In-state tuition for undocumented students becomes law

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DENVER -- Inside Metro State University's Student Success building on the Auraria Campus, a few hundred undocumented students, business leaders, politicians and activists crowded together, craning their necks and hoisting their smart phone cameras for a glimpse of a historic day 13 years in the making.

At 1:41 p.m., Colorado Gov. John Hickenlooper picked up the first of nine pens and methodically signed his name to Senate Bill 11, the "ASSET bill", which will allow around a thousand undocumented Colorado students to receive in-state tuition at the state's colleges and universities this fall.

Cheers erupted as the bill became law. Val Vigil, the former state lawmaker who first sponsored in-state tuition legislation at the Capitol 13 years ago, thrust a fist into the air before locking hands with Hickenlooper in an emotional high five.

"It's perseverance," Vigil told FOX31 Denver afterward. "You know when you truly believe in an issue, you don't give it up."

Before the bill was signed, sponsors and supporters lauded the perseverance of the hundreds of Colorado students who hold high school diplomas but lack the nine-digit Social Security number they've needed to be able to afford college.

Sen. Mike Johnston, D-Denver, a former teacher and principal, described the despair of one of his former students who graduated high school only to watch state lawmakers, for the last three years, defeat legislation aimed at making college more affordable for undocumented students.

"That student right now is working in a fast food restaurant, waiting for the chance to fulfill his dreams of one day becoming an engineer," Johnston said. "Well, today, we're here to tell you that the doors are open and the dream is alive."

Marco Dorado, now a student at CU Boulder, told a similar story to the assembled crowd.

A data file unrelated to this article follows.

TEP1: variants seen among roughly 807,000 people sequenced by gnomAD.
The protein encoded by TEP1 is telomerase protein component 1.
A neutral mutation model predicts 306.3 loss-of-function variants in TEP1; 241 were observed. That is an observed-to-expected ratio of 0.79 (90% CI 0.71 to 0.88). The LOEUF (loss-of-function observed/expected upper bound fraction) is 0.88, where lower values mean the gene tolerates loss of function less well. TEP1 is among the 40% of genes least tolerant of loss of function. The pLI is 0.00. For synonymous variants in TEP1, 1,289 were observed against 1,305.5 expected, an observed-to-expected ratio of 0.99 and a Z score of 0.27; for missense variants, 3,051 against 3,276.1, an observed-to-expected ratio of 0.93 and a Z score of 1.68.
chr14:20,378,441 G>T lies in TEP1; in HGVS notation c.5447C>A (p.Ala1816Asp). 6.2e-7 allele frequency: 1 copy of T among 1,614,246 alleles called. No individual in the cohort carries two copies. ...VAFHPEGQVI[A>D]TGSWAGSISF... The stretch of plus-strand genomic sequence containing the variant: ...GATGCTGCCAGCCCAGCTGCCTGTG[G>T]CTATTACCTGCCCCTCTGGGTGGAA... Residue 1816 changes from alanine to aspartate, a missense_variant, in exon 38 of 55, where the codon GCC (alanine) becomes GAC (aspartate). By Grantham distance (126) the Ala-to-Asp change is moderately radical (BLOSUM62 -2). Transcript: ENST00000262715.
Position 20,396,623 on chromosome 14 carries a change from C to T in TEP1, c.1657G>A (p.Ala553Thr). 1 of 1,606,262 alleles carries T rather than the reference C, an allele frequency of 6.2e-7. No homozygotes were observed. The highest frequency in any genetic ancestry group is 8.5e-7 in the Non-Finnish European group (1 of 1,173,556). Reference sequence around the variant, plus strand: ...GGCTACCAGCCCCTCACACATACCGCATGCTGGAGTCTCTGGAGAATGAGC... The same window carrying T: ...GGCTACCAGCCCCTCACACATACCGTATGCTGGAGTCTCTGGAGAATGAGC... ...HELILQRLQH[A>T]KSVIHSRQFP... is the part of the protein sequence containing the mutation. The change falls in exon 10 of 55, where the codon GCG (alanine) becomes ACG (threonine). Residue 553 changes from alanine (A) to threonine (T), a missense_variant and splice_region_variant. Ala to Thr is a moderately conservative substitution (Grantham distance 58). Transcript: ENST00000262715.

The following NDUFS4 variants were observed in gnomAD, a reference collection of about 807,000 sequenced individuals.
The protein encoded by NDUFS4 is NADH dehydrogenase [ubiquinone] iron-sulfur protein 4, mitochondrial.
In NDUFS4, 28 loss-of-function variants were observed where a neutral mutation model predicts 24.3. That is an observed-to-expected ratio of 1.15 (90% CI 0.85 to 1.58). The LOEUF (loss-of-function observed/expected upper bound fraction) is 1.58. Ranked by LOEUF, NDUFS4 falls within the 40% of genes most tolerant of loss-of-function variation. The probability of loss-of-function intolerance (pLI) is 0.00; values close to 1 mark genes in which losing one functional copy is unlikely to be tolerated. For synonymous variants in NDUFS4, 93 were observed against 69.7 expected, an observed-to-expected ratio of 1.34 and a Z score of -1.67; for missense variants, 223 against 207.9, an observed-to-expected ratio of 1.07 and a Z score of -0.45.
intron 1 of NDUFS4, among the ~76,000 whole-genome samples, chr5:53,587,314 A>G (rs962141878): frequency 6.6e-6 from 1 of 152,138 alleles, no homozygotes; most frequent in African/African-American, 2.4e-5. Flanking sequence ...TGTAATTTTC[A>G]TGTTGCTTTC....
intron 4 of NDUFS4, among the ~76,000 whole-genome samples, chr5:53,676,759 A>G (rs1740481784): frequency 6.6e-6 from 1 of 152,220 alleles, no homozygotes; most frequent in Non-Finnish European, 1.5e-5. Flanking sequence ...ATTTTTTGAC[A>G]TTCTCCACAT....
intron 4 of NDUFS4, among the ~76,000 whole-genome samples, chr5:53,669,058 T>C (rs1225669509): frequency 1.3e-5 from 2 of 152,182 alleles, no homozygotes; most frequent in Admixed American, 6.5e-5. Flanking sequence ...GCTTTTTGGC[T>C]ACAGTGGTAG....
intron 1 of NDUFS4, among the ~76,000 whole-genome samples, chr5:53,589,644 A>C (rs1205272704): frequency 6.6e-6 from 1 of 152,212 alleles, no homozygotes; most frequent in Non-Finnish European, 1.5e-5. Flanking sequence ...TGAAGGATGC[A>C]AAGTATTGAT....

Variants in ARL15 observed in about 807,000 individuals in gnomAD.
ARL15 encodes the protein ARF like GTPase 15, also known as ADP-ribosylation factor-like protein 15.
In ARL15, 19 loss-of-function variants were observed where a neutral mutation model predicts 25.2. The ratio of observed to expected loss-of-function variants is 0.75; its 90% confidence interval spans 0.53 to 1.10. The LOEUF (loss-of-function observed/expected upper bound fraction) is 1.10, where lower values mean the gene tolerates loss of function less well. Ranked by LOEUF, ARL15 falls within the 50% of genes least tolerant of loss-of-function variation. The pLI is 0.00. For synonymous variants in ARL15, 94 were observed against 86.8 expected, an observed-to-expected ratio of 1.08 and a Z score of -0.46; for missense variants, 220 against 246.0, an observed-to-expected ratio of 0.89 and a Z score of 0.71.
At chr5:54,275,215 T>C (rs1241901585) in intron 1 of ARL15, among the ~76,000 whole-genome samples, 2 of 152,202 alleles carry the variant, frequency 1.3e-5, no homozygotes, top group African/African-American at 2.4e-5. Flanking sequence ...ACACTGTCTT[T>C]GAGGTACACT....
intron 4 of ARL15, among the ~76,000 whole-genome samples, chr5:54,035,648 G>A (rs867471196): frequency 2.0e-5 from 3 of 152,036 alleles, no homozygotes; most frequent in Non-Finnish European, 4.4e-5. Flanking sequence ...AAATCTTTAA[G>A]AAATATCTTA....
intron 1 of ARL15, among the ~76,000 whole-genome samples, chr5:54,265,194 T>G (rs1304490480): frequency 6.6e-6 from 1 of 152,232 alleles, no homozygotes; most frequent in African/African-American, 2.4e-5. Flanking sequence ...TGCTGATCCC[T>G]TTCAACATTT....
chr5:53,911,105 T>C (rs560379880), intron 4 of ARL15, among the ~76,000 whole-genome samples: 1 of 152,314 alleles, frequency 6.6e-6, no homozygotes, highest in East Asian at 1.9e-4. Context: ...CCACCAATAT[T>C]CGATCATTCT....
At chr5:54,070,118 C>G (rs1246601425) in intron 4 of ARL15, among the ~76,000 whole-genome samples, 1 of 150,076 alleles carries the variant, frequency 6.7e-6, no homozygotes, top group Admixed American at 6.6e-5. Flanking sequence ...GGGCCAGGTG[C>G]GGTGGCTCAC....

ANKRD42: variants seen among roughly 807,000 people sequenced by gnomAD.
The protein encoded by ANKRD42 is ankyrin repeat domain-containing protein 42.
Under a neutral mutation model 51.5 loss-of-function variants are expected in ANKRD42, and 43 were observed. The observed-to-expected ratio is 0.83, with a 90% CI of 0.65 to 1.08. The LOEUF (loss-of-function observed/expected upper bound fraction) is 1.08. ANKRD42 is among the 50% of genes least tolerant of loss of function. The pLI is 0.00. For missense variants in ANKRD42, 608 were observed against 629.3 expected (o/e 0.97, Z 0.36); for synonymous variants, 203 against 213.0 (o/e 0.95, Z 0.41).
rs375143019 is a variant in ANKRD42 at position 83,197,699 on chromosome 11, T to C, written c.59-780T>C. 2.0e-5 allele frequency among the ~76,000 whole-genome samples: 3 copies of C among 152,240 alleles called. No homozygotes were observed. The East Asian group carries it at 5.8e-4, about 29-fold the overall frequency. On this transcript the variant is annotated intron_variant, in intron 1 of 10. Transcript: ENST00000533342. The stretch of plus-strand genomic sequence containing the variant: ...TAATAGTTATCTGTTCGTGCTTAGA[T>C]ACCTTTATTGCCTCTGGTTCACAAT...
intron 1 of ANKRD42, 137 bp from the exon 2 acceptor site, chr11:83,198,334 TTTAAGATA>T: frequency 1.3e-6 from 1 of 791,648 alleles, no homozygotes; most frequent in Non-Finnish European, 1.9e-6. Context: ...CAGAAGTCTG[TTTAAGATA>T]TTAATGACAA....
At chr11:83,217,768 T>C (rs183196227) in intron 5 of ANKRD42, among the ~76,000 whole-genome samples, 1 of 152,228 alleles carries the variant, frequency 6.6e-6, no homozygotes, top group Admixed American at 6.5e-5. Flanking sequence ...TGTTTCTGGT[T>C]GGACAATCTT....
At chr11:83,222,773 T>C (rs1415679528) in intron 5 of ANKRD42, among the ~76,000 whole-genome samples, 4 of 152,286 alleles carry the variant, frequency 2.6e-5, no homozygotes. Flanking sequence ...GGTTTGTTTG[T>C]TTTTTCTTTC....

"In 2009, I was a junior in high school and watched as this bill was defeated in the Colorado Senate," Dorado said. "Access to higher education should not be contingent on one's good fortune, but on one's ability to succeed.

"No longer will Colorado students face the hopelessness of feeling that they can't afford to further their dreams."

Students who have long dreamed of such an opportunity know that now it's up to them -- an opportunity, Hickenlooper noted, that will benefit the state as well.

"It's a fair and equitable way for undocumented students to get their fair share, their fair opportunity at higher education," the governor said. "This is our opportunity to make sure everyone is prepared for the jobs of tomorrow."

Five Republicans voted for the ASSET bill this year; two state senators and three representatives.

Metro State University of Denver voted to lower tuition for undocumented students last summer after the bill's failure in the GOP-controlled House.

MSUD President Steve Jordan and Trustee Bill Hanzlik both attended Monday's bill signing and celebrated the historic moment.

"It sends a clear signal that the great American dream of the U.S. as a melting pot nation is still alive and well in Colorado today," Jordan said.

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